What Samsung really needs to do now is win back trust. It’s loyal fans feel shortchanged which is why they’re so actively calling on the company to ditch Exynos in favor of the Snapdragon. While there are business considerations that may prevent Samsung from doing that, there is hope that the company is going to take a different approach in the future.

It has laid off its custom CPU design team which means that future Exynos chips won’t have Samsung’s own in-house designed CPUs. Samsung would instead license ARM’s CPU designs entirely and that should help mitigate some of these issues. This needs to happen sooner rather than later to prevent irreparable damage from being done to the brand.

The simple fact is that the more negative coverage there is out there about the Exynos, the more people will try and avoid a Samsung flagship altogether. Not everyone who searches for information about a new phone online wants to know about the CPU IP or the benchmark results. The average customer just doesn’t care. They rely on the tech media to present a simple answer: yes, this phone is good, you should buy it.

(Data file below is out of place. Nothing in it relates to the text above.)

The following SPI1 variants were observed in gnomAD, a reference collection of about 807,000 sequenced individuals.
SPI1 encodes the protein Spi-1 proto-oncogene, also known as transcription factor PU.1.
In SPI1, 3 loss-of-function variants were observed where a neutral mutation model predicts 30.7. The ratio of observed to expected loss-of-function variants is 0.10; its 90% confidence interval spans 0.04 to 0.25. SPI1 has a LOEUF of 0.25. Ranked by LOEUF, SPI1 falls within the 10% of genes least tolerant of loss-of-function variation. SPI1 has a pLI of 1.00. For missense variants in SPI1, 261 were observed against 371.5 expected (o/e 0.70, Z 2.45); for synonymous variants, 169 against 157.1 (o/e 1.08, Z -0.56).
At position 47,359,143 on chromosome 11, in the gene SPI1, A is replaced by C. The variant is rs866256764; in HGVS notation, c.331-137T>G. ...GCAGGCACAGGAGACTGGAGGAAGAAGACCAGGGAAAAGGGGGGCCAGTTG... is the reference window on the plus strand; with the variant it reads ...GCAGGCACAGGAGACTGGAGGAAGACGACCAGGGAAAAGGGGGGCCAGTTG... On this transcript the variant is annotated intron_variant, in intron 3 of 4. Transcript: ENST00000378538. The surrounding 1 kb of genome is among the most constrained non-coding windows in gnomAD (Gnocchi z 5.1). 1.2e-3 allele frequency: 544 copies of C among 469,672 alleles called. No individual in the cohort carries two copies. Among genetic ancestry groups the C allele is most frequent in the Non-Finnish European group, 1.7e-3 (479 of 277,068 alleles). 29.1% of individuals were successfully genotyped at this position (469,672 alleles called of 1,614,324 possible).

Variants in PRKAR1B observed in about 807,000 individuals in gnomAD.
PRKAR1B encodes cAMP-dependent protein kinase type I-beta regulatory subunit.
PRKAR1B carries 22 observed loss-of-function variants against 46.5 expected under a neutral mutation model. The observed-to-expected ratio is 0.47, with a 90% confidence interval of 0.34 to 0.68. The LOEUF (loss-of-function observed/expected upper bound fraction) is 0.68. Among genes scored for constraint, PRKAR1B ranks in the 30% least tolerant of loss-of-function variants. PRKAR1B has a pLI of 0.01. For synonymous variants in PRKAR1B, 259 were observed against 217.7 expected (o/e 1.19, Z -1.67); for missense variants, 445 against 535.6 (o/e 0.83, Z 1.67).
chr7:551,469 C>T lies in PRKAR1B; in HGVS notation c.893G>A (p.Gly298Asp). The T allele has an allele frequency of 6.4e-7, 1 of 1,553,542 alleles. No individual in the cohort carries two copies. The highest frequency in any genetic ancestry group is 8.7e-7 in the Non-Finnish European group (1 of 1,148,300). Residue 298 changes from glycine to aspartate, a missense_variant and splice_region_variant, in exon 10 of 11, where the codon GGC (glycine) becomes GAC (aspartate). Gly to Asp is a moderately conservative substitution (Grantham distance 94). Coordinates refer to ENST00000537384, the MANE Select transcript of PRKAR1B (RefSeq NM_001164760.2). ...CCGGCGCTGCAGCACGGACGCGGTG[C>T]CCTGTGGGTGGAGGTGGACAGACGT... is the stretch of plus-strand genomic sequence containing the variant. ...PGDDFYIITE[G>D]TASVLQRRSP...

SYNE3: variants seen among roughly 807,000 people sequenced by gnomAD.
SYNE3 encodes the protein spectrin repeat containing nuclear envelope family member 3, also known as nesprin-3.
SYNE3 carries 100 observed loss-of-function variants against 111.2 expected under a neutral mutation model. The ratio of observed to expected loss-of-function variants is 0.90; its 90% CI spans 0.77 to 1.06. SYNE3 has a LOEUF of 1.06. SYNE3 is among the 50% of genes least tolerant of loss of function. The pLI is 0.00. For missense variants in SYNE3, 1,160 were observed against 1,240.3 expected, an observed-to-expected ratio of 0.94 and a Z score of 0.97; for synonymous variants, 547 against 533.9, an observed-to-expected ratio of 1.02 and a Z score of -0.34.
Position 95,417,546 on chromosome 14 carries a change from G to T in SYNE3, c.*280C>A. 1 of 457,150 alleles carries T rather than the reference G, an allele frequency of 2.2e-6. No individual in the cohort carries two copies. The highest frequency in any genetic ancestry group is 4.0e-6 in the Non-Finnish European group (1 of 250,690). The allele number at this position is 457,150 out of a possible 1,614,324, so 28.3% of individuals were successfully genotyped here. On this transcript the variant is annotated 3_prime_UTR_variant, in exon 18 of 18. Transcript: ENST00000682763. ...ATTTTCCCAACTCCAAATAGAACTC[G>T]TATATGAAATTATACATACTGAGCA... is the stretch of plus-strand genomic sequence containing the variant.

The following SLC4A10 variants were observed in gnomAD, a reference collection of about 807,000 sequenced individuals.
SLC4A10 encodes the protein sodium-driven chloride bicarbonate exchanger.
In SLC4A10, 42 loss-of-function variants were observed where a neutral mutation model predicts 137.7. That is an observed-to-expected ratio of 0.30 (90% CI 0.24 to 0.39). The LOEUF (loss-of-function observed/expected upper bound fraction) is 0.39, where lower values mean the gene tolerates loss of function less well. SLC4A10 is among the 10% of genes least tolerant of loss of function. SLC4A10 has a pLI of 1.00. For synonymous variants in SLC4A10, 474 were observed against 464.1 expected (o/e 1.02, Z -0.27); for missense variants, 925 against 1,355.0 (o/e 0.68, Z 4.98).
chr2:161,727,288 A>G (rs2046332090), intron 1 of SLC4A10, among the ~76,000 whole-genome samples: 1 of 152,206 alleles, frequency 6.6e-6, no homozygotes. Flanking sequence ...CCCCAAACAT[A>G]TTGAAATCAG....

They don’t want to sit through a 20-minute YouTube video or a 4,000-word in-depth analysis of the differences between Exynos and Snapdragon. However, if every video or blog they read about the phone highlights some super technical performance gap, this gives cause for confusion and nobody wants to buy $1,000+ smartphones when they’re confused.

Then there’s the diehard fanbase, the kind that would ditch a brand en masse to try and force change. That hasn’t happened yet for Samsung but there’s enough sentiment bubbling underneath the surface to suggest that this may not be an impossibility. They want actions and accountability, and they want it fast because they’re now running out of patience.

This is why it’s very important for Samsung to take action and win back trust. If this continues to fester, Samsung runs the risk of losing more market share, particularly in some of its most lucrative markets. We’re pretty sure that’s not an outcome that the company desires.

Join the Discussion